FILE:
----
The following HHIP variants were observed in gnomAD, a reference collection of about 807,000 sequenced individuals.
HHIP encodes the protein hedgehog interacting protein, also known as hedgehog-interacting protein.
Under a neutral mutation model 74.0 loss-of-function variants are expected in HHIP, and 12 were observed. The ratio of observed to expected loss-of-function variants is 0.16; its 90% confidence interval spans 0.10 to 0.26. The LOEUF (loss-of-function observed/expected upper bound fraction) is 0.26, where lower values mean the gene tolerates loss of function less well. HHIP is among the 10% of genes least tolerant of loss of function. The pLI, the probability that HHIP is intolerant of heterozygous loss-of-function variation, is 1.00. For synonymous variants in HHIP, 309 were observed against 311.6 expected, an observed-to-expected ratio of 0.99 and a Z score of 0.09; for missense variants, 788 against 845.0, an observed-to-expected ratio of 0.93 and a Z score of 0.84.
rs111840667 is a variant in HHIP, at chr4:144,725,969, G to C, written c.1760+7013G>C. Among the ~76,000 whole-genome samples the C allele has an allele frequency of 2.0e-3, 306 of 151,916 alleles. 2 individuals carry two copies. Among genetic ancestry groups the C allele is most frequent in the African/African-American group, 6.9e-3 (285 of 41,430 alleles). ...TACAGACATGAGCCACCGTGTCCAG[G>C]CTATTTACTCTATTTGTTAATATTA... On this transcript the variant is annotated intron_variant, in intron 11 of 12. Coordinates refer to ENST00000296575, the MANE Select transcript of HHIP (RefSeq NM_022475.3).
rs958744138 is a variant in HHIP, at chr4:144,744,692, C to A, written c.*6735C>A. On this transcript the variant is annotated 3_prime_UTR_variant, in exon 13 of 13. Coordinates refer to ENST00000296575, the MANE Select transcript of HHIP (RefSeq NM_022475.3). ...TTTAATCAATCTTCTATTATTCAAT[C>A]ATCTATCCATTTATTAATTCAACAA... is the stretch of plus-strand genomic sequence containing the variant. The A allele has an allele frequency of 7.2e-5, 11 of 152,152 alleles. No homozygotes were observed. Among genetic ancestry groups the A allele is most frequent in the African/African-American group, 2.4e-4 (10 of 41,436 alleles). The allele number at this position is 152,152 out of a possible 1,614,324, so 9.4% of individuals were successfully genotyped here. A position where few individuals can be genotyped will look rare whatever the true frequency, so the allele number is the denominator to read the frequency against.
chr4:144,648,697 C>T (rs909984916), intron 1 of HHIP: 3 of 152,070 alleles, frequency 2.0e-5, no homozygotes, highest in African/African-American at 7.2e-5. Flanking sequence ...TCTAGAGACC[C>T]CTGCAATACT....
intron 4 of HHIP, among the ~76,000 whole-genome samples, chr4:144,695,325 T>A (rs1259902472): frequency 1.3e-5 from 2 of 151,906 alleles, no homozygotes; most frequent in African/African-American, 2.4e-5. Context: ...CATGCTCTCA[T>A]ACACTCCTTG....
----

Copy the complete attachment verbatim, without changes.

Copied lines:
The following HHIP variants were observed in gnomAD, a reference collection of about 807,000 sequenced individuals.
HHIP encodes the protein hedgehog interacting protein, also known as hedgehog-interacting protein.
Under a neutral mutation model 74.0 loss-of-function variants are expected in HHIP, and 12 were observed. The ratio of observed to expected loss-of-function variants is 0.16; its 90% confidence interval spans 0.10 to 0.26. The LOEUF (loss-of-function observed/expected upper bound fraction) is 0.26, where lower values mean the gene tolerates loss of function less well. HHIP is among the 10% of genes least tolerant of loss of function. The pLI, the probability that HHIP is intolerant of heterozygous loss-of-function variation, is 1.00. For synonymous variants in HHIP, 309 were observed against 311.6 expected, an observed-to-expected ratio of 0.99 and a Z score of 0.09; for missense variants, 788 against 845.0, an observed-to-expected ratio of 0.93 and a Z score of 0.84.
rs111840667 is a variant in HHIP, at chr4:144,725,969, G to C, written c.1760+7013G>C. Among the ~76,000 whole-genome samples the C allele has an allele frequency of 2.0e-3, 306 of 151,916 alleles. 2 individuals carry two copies. Among genetic ancestry groups the C allele is most frequent in the African/African-American group, 6.9e-3 (285 of 41,430 alleles). ...TACAGACATGAGCCACCGTGTCCAG[G>C]CTATTTACTCTATTTGTTAATATTA... On this transcript the variant is annotated intron_variant, in intron 11 of 12. Coordinates refer to ENST00000296575, the MANE Select transcript of HHIP (RefSeq NM_022475.3).
rs958744138 is a variant in HHIP, at chr4:144,744,692, C to A, written c.*6735C>A. On this transcript the variant is annotated 3_prime_UTR_variant, in exon 13 of 13. Coordinates refer to ENST00000296575, the MANE Select transcript of HHIP (RefSeq NM_022475.3). ...TTTAATCAATCTTCTATTATTCAAT[C>A]ATCTATCCATTTATTAATTCAACAA... is the stretch of plus-strand genomic sequence containing the variant. The A allele has an allele frequency of 7.2e-5, 11 of 152,152 alleles. No homozygotes were observed. Among genetic ancestry groups the A allele is most frequent in the African/African-American group, 2.4e-4 (10 of 41,436 alleles). The allele number at this position is 152,152 out of a possible 1,614,324, so 9.4% of individuals were successfully genotyped here. A position where few individuals can be genotyped will look rare whatever the true frequency, so the allele number is the denominator to read the frequency against.
chr4:144,648,697 C>T (rs909984916), intron 1 of HHIP: 3 of 152,070 alleles, frequency 2.0e-5, no homozygotes, highest in African/African-American at 7.2e-5. Flanking sequence ...TCTAGAGACC[C>T]CTGCAATACT....
intron 4 of HHIP, among the ~76,000 whole-genome samples, chr4:144,695,325 T>A (rs1259902472): frequency 1.3e-5 from 2 of 151,906 alleles, no homozygotes; most frequent in African/African-American, 2.4e-5. Context: ...CATGCTCTCA[T>A]ACACTCCTTG....